By Michael L. Moskowitz

 Get It Right the First Time: Best Practices for Mailing and Recording the New York RPAPL 90-day Pre-Foreclosure Notice By Michael L. MoskowitzNew York’s Real Property Actions and Proceedings Law (“RPAPL”) § 1304 requires a mortgage lender to notify a residential home borrower of an impending foreclosure action at least 90 days before the foreclosure action is commenced, using specific statutory language, printed in 14 point type, sent by registered or certified mail, as well as by first class mail, to the borrower. The emphasis of this article is the peril which will befall a lender if it fails to timely register the statutorily mandated notice.  

Pursuant to RPAPL § 1306, lenders, assignees, or mortgage loan servicers, must file certain information with the New York State Superintendent of Financial Services on a form determined by the Superintendent (the Pre-foreclosure Information Form). Such information must be filed within three business days after the mailing of (i) the “90-day pre-foreclosure notice” required by section 1304 of the RPAPL, or (ii) the notice required by section 9-611(f) of the New York Uniform Commercial Code (UCC) (“Notice”).

Within 3 business days of the mailing of the notice under either of RPAPL Section 1304 or UCC Section 9-611(f), the lender, assignee, or mortgage loan servicer, must file with the State Superintendent of Banks, among other information, the name, address and last known telephone number of the borrower, the amount claimed as due and owing on the loan, and the type of loan. The information, to be provided electronically on a form as prescribed by the Superintendent, is used to: (a) monitor the extent of foreclosure filings within New York State, (b) enable an analysis to be made of loan types subject to foreclosure, and (c) direct foreclosure prevention and counseling services to borrowers at risk of foreclosure. This three-day time frame is strictly construed.

The recordation with the Superintendent is not considered a ministerial act, as demonstrated in the recent case of TD Bank, N.A. v. Oz Leroy, 121 A.D. 3d 1256, 995 N.Y.S. 2d 625 (3d Dep’t 2014). By way of background, the Ulster County Supreme Court granted summary judgment to Plaintiff and appointed a referee to compute. Defendant appealed the lower court’s grant of summary judgment. The Appellate Division reversed the lower court’s ruling, holding that lender’s filing of the form containing the requisite Notice with the Superintendent more than three months after the three-day deadline was a failure to comply with the “mandatory condition precedent” to the commencement of the foreclosure action against the mortgagor. The Appellate Division, in ruling for the mortgagor defendant, invoked the drastic remedy of dismissal of the foreclosure complaint, rather than a reversal of the mortgagee’s motion for summary judgment. The court held that the failure to timely register, albeit even though it was completed before the complaint was filed, was not a ministerial act that could be overlooked.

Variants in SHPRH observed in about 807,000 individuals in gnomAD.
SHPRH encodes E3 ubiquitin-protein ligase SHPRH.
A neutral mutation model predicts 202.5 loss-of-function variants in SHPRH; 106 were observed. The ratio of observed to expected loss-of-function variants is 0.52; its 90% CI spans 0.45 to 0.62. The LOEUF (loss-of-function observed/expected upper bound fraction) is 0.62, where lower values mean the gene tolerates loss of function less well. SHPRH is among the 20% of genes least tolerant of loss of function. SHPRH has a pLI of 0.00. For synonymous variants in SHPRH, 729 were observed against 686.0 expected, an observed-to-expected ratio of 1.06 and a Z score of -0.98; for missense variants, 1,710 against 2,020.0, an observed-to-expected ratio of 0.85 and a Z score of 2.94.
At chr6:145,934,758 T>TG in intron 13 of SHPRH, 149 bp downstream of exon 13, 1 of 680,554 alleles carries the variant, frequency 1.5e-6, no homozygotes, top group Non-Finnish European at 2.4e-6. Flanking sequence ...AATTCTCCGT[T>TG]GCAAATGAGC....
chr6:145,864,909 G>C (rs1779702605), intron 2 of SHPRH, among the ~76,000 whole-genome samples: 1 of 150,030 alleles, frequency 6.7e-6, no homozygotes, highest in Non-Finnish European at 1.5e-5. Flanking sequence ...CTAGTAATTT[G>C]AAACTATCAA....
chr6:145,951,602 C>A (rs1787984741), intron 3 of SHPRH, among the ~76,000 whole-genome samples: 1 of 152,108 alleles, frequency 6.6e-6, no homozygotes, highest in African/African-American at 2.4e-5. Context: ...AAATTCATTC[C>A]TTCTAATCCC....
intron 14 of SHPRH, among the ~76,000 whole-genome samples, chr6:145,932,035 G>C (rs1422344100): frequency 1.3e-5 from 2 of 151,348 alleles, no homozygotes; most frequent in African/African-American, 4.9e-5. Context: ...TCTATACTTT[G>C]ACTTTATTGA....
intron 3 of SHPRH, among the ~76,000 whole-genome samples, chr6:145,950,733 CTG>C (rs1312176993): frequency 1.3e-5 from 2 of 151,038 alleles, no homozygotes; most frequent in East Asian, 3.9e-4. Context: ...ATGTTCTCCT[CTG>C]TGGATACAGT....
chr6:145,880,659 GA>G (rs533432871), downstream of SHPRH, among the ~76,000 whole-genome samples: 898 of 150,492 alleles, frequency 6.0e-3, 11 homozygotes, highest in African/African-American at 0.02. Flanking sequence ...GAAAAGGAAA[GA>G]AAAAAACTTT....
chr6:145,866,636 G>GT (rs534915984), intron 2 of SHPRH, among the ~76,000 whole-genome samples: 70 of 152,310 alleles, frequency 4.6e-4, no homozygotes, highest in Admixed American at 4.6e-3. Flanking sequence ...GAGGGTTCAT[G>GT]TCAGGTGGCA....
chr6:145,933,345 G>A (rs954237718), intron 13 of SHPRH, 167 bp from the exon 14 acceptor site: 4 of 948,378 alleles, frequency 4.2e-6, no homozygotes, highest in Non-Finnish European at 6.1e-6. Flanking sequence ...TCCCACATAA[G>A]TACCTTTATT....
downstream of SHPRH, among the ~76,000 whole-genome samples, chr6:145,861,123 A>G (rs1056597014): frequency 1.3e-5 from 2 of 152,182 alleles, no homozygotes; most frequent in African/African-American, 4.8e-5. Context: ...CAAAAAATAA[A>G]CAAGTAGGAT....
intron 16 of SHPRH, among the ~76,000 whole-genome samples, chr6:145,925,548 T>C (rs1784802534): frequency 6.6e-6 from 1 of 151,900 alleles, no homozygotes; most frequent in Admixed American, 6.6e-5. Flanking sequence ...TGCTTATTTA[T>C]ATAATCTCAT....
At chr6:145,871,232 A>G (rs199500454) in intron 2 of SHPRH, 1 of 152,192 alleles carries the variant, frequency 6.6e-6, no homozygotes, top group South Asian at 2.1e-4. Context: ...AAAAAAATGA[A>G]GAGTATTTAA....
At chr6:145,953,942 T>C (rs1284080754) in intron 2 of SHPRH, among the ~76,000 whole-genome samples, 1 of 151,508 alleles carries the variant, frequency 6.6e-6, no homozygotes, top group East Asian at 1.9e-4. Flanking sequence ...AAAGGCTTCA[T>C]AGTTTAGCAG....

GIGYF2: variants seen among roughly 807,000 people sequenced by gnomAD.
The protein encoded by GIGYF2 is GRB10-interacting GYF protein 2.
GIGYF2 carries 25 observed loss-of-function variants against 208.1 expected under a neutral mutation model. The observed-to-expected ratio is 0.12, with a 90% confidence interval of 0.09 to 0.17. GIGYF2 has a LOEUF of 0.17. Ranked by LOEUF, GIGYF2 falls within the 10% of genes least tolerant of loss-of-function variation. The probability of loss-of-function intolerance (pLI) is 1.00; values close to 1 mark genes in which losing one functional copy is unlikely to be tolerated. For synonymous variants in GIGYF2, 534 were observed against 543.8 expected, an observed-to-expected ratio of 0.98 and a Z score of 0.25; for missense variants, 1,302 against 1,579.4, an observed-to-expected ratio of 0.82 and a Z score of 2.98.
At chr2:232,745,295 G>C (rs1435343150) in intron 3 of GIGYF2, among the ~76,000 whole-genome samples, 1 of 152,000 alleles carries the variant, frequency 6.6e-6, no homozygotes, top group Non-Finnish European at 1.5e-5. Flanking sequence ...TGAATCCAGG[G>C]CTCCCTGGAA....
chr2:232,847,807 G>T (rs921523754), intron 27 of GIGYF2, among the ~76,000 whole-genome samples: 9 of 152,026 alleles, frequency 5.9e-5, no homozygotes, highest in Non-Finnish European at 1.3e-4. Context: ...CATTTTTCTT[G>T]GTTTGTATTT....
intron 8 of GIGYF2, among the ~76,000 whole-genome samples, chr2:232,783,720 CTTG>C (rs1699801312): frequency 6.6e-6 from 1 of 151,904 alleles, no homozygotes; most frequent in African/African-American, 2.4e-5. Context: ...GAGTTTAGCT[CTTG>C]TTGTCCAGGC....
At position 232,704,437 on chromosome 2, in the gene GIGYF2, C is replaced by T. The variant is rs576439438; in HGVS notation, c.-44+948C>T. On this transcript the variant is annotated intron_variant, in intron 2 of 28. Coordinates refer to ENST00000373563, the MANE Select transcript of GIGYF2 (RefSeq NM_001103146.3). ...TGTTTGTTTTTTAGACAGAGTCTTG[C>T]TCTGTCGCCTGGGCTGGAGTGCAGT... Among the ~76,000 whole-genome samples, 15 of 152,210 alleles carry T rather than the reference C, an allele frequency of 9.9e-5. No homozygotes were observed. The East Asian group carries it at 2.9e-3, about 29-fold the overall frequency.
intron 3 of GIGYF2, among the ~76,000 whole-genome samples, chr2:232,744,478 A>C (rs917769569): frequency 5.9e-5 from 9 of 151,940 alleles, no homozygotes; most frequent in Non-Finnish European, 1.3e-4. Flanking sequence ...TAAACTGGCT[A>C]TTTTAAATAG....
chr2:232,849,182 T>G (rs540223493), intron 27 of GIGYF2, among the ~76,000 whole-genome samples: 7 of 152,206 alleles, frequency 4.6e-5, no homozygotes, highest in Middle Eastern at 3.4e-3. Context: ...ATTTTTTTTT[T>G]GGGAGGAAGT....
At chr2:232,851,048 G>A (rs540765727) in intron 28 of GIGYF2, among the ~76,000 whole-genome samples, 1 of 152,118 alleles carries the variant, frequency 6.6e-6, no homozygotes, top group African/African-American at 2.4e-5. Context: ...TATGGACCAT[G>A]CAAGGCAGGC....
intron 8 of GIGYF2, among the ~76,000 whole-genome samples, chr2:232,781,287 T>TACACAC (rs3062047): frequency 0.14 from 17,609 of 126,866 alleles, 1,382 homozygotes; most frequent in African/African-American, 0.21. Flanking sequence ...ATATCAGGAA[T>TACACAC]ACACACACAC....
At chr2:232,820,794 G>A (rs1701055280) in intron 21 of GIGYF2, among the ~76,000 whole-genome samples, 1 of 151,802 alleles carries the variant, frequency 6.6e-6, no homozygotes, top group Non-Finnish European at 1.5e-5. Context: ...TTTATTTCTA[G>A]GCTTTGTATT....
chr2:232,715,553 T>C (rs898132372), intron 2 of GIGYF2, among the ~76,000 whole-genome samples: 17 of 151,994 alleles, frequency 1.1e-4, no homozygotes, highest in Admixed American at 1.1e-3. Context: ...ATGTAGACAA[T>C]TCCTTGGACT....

The Appellate Division ruling gives clear guidance for best practices and procedures for mortgagees and their counsel for completion of the mailing and recording of the Notice. When serving and recording the 90-day pre-foreclosure notice and thereafter filing the foreclosure complaint, mortgagors and counsel should:

  1. Contemporaneous with the mailing of the Notice, execute an affidavit of mailing, sworn to by a person with knowledge that the Notice was actually mailed on a specific date to the address set forth on the envelope;
  2. If possible, retain a copy of the postmarked envelope;
  3. If the Notice is sent by the mortgagee, and not counsel, a sworn statement should be executed explaining the customary business practice of the mortgagee with respect to its mailing of the Notice;
  4. Retain the certified mail receipts and the returned signature cards;
  5. Retain a copy of the screen shot of the recorded Notice, along with the filing number provided by the Superintendent’s office; and
  6. The Foreclosure complaint should contain an affirmative allegation that at the time the complaint is filed, the Plaintiff has complied with the requisite provisions of RPAPL §1306.

By strictly complying with the RPAPL’s statutory requirements, lenders and their counsel will avoid the pitfalls that may arise from failures that may seem to be minor technical glitches, but which can be fatal to the foreclosure case and result in dismissal.

Contact Michael L. Moskowitz at to review your firm’s policies respecting compliance with New York’s pre-foreclosure notice provisions.

Richard Weltman & Michael Moskowitz |

About Weltman & Moskowitz, LLP, A New York and New Jersey Business, Bankruptcy, and Creditors’ Rights Law Firm:

Founded in 1987, Weltman & Moskowitz, LLP is a business law firm concentrating on creditors’ rights, bankruptcy, foreclosure, and business litigation. Michael L. Moskowitz is a partner with the firm, focusing on business and bankruptcy litigation, as well as foreclosure, corporate counseling, M&A, and transactional matters. Michael can be reached at (212) 684-7800, (201)794-7500 or Michele K. Jaspan, an associate of the firm, contributed research and reporting to this article.